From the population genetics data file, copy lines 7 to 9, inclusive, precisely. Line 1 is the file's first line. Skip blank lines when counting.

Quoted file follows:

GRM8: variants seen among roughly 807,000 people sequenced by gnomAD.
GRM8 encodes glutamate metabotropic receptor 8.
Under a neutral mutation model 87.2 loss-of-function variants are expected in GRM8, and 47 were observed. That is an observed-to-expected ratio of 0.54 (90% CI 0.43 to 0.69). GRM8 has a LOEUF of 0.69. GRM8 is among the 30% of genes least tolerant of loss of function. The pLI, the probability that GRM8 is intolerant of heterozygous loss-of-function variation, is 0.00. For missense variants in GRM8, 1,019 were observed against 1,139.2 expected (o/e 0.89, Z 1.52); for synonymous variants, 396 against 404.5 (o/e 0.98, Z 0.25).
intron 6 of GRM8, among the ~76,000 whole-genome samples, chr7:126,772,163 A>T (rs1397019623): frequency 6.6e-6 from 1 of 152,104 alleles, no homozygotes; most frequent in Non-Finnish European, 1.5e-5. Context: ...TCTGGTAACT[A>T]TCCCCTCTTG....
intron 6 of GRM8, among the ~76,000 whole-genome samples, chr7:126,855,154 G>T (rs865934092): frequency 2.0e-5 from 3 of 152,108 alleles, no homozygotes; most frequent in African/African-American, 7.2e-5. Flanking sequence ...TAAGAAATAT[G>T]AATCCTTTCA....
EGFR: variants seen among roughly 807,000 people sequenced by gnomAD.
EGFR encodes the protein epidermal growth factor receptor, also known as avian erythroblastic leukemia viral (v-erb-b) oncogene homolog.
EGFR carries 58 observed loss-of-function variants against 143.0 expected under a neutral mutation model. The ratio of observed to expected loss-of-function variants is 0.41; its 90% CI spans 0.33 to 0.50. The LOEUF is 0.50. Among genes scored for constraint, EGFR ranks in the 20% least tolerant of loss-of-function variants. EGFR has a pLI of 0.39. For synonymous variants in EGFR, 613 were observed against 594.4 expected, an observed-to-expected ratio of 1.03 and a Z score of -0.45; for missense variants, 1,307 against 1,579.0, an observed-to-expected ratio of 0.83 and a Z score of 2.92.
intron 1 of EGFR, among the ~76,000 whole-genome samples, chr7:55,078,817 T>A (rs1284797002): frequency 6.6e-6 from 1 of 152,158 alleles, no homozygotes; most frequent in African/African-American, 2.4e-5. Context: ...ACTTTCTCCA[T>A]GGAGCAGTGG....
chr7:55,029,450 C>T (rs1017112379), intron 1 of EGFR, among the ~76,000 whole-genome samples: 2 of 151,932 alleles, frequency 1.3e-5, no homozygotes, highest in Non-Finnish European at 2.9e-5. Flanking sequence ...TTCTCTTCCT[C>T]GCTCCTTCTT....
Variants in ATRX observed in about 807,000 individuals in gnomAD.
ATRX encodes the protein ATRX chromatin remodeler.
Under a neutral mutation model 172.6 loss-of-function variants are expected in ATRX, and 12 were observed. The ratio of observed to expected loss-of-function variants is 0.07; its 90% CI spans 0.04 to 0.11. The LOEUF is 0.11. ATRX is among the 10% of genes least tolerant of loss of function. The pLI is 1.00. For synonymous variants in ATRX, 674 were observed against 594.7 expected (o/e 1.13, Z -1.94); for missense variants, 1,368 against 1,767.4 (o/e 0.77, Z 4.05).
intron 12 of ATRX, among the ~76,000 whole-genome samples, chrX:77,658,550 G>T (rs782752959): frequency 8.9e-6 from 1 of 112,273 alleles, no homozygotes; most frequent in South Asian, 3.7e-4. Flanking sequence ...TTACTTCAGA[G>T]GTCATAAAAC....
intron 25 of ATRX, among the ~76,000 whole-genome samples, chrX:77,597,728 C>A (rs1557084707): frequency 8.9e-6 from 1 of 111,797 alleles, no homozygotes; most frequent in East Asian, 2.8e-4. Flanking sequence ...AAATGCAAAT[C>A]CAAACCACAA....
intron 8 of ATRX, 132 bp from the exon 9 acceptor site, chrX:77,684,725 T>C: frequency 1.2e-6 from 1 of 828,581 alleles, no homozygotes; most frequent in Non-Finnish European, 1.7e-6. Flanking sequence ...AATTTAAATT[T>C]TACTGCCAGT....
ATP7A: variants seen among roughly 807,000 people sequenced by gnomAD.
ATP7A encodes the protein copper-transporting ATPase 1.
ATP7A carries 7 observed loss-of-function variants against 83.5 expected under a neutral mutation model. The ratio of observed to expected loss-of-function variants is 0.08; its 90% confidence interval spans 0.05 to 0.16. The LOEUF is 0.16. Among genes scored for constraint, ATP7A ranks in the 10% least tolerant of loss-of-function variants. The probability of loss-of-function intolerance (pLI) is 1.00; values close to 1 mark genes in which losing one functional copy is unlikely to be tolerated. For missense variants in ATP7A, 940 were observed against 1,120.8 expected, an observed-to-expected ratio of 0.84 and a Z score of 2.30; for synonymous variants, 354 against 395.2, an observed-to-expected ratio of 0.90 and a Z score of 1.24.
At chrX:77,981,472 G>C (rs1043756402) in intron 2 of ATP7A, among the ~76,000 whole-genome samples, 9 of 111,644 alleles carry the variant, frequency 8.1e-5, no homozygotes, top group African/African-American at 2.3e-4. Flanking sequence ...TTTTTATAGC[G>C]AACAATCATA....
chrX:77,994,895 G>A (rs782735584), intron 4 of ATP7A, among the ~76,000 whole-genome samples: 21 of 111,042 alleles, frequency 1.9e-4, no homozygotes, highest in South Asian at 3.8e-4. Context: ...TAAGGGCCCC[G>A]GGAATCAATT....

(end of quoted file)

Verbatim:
EGFR encodes the protein epidermal growth factor receptor, also known as avian erythroblastic leukemia viral (v-erb-b) oncogene homolog.
EGFR carries 58 observed loss-of-function variants against 143.0 expected under a neutral mutation model. The ratio of observed to expected loss-of-function variants is 0.41; its 90% CI spans 0.33 to 0.50. The LOEUF is 0.50. Among genes scored for constraint, EGFR ranks in the 20% least tolerant of loss-of-function variants. EGFR has a pLI of 0.39. For synonymous variants in EGFR, 613 were observed against 594.4 expected, an observed-to-expected ratio of 1.03 and a Z score of -0.45; for missense variants, 1,307 against 1,579.0, an observed-to-expected ratio of 0.83 and a Z score of 2.92.
intron 1 of EGFR, among the ~76,000 whole-genome samples, chr7:55,078,817 T>A (rs1284797002): frequency 6.6e-6 from 1 of 152,158 alleles, no homozygotes; most frequent in African/African-American, 2.4e-5. Context: ...ACTTTCTCCA[T>A]GGAGCAGTGG....